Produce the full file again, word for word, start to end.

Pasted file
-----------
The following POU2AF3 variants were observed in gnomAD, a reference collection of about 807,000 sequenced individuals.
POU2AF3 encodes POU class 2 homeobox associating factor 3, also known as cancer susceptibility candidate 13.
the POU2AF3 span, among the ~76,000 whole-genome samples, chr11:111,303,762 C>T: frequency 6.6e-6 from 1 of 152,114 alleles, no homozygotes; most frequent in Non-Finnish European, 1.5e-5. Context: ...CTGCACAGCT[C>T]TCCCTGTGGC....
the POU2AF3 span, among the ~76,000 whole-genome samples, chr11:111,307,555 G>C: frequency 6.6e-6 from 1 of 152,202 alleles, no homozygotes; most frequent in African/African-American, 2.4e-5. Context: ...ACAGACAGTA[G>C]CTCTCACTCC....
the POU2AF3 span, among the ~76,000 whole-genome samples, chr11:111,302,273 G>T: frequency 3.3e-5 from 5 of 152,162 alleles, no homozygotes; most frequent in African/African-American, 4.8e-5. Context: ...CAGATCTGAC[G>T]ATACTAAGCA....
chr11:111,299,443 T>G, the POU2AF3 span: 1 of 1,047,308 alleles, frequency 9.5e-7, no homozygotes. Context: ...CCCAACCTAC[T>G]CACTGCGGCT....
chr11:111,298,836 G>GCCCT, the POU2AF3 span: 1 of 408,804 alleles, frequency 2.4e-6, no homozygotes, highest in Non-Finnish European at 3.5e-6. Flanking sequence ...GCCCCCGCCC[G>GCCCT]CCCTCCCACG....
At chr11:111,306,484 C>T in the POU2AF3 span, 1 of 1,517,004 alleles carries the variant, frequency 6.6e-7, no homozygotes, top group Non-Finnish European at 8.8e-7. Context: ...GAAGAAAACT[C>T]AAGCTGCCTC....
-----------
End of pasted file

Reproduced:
The following POU2AF3 variants were observed in gnomAD, a reference collection of about 807,000 sequenced individuals.
POU2AF3 encodes POU class 2 homeobox associating factor 3, also known as cancer susceptibility candidate 13.
the POU2AF3 span, among the ~76,000 whole-genome samples, chr11:111,303,762 C>T: frequency 6.6e-6 from 1 of 152,114 alleles, no homozygotes; most frequent in Non-Finnish European, 1.5e-5. Context: ...CTGCACAGCT[C>T]TCCCTGTGGC....
the POU2AF3 span, among the ~76,000 whole-genome samples, chr11:111,307,555 G>C: frequency 6.6e-6 from 1 of 152,202 alleles, no homozygotes; most frequent in African/African-American, 2.4e-5. Context: ...ACAGACAGTA[G>C]CTCTCACTCC....
the POU2AF3 span, among the ~76,000 whole-genome samples, chr11:111,302,273 G>T: frequency 3.3e-5 from 5 of 152,162 alleles, no homozygotes; most frequent in African/African-American, 4.8e-5. Context: ...CAGATCTGAC[G>T]ATACTAAGCA....
chr11:111,299,443 T>G, the POU2AF3 span: 1 of 1,047,308 alleles, frequency 9.5e-7, no homozygotes. Context: ...CCCAACCTAC[T>G]CACTGCGGCT....
chr11:111,298,836 G>GCCCT, the POU2AF3 span: 1 of 408,804 alleles, frequency 2.4e-6, no homozygotes, highest in Non-Finnish European at 3.5e-6. Flanking sequence ...GCCCCCGCCC[G>GCCCT]CCCTCCCACG....
At chr11:111,306,484 C>T in the POU2AF3 span, 1 of 1,517,004 alleles carries the variant, frequency 6.6e-7, no homozygotes, top group Non-Finnish European at 8.8e-7. Context: ...GAAGAAAACT[C>T]AAGCTGCCTC....